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3 Downstairs Radiators not Heating up and Feed Pipe Goes Cold

Postby benfowler15 » Tue Dec 04, 2018 9:27 pm

My 3 downstairs radiators are not heating up, the 22mm pipe feeding them from above is hot at the top but then rapidly goes cold halfway down the pipe. The return pipe from the 3 Rads going back up is cold. My 4 radiators upstairs are heating up fine. Heating pump is working within my Combi boiler and I’ve had all rads off downstairs flushed through via mains. I’m guessing there is an airlock somewhere along the return because of the lack of movement within the flow pipe coming down the wall. Any suggestions would be kindly accepted. It’s been bugging me for weeks now.
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Postby ericmark » Thu Dec 13, 2018 4:23 pm

I would start by adjusting lock shield valves, do remember I am an electrician not a plumber but over years I have been called in error so many times, I have worked some things out.

So start with working radiator nearest to boiler, turn off the lock shield valve and allow at least the pipes to go cold, then turn it back on 1/4 turn at a time with 2 minutes at least between each adjustment until you feel some heat in one of feed pipes, then stop.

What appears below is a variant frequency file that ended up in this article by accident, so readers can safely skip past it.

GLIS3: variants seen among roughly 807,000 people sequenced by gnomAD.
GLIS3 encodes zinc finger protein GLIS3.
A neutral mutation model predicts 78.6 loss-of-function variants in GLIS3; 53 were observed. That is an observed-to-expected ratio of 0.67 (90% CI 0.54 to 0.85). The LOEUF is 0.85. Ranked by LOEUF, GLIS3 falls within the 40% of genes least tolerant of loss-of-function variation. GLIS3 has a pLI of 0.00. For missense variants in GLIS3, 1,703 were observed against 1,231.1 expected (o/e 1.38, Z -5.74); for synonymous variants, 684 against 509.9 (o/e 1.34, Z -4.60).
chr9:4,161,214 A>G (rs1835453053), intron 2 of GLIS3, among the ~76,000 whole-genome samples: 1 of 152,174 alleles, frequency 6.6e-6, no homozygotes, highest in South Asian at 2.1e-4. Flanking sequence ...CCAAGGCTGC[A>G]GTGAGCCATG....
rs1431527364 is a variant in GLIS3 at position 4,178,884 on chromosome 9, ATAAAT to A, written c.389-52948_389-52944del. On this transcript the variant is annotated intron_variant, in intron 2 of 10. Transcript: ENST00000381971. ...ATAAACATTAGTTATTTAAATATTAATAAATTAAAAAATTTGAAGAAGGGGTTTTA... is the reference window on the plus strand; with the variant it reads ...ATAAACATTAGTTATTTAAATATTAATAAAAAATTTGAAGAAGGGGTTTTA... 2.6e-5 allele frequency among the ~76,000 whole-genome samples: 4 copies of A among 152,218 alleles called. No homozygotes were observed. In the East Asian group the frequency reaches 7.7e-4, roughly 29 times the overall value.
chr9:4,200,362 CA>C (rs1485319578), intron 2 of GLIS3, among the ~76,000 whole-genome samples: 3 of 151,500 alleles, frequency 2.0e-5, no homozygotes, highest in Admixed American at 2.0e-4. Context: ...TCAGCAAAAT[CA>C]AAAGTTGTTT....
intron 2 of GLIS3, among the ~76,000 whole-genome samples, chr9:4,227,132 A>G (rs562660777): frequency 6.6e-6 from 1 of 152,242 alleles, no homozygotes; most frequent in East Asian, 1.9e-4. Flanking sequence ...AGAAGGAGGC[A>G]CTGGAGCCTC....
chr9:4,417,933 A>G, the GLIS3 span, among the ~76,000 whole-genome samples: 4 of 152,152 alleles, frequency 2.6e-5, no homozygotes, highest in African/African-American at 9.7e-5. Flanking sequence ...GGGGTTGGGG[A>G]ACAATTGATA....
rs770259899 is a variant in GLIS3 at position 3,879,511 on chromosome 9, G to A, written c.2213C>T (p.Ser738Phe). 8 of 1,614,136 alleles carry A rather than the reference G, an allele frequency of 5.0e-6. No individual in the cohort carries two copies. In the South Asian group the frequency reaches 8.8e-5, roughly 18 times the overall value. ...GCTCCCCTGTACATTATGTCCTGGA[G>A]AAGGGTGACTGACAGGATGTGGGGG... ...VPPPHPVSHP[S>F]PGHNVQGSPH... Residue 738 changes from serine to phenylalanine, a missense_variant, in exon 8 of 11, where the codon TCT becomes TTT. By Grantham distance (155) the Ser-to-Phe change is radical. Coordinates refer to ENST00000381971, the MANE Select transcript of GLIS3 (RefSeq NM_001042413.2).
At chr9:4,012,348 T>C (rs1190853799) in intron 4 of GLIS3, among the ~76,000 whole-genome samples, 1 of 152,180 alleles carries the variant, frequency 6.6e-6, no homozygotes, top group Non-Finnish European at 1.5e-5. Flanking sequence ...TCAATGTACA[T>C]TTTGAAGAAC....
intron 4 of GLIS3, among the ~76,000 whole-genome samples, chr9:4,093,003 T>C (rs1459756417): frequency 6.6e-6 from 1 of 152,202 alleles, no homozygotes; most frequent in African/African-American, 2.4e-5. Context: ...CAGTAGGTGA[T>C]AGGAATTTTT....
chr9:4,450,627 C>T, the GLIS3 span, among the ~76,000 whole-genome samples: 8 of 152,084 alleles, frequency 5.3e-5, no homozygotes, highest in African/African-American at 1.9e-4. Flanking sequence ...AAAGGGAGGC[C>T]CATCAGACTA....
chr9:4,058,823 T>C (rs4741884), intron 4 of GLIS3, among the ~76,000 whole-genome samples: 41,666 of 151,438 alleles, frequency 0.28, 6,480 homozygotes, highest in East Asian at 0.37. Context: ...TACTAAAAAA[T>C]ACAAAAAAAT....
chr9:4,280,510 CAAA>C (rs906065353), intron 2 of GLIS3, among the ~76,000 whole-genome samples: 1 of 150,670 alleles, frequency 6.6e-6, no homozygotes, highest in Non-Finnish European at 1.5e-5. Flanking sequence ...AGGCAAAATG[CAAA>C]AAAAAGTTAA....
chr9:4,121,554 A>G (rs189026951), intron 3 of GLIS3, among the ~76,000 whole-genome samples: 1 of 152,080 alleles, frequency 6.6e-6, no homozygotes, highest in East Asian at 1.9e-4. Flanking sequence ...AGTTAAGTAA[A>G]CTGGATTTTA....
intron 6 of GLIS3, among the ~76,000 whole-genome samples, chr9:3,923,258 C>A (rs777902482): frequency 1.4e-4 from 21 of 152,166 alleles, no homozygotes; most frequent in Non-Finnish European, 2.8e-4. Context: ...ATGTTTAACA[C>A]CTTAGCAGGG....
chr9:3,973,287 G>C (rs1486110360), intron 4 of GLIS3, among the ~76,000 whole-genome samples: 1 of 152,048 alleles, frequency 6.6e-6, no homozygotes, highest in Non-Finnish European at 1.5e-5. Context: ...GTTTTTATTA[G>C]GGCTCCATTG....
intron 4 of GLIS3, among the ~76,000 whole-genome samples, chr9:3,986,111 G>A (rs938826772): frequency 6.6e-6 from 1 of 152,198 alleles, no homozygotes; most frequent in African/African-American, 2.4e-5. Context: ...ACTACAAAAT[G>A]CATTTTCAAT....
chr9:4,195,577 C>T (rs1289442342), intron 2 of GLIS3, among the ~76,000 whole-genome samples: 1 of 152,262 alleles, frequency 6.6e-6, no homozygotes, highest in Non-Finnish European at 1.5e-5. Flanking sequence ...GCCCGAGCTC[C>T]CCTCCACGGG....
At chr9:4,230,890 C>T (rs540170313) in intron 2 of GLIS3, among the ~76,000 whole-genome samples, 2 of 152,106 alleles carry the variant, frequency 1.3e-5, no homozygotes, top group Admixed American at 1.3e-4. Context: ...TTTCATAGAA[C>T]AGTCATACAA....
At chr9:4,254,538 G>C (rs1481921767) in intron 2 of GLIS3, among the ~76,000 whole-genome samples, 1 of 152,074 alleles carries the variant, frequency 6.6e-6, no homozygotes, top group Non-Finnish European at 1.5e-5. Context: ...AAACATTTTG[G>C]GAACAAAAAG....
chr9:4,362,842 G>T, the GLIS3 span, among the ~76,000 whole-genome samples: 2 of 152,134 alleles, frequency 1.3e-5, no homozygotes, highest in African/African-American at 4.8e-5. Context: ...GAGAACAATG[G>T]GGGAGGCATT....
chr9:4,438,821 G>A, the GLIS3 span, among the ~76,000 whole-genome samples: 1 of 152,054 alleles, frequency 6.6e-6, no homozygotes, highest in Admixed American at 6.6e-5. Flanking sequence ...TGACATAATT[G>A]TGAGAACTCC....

Repeat with other working radiators, then see if the non working radiators are now working.

It is common for plumbers not to set up the central heating or for people to fiddle and open up valves. But with thermostatic radiator valves what will happen is when the good rooms get warm the TRV will close and force heat to next easiest radiator, so once hot even with lock shield valves wide open, the system will work OK, however turn off the central heating and it takes ages to start working again.

To make it worse, modern boilers modulate, that is the flame height reduces when the return water is hot, as said once running OK, but when trying to heat a cold house, if the lock shield valve is wide open, then it heats one room at a time, and if one of those rooms has a room thermostat it can turn off heating before whole house warm.
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Postby Browndoff » Sat Jan 12, 2019 9:14 pm

Ericmark may well be correct - but if the system was well set up and the valves were well-tuned - it could STILL happen!
Maybe you have 'hard-water' in your district - i.e. the water comes from a ground-source passing through limestone and picks up calcium carbonate - which comes out of solution and forms a 'crust' inside your pipes. You'd know this if you get 'furring' in your kettle...?
This is true in my house and I recently had a problem - not with any radiator but with my hot-water cylinder's internal heating-coil. I had to dismantle part of the system and forcibly clean out the pipes - a dreadful job!
I'd recommend that you attach a temporary drain-hose to this pipe which 'goes cold' and see if you can get a decent flow of water through it. If it's good, connect your hose further along the circuit and you'll eventually find where it's blocked. Clean or replace the blocked section and the system should be good again - mine was!
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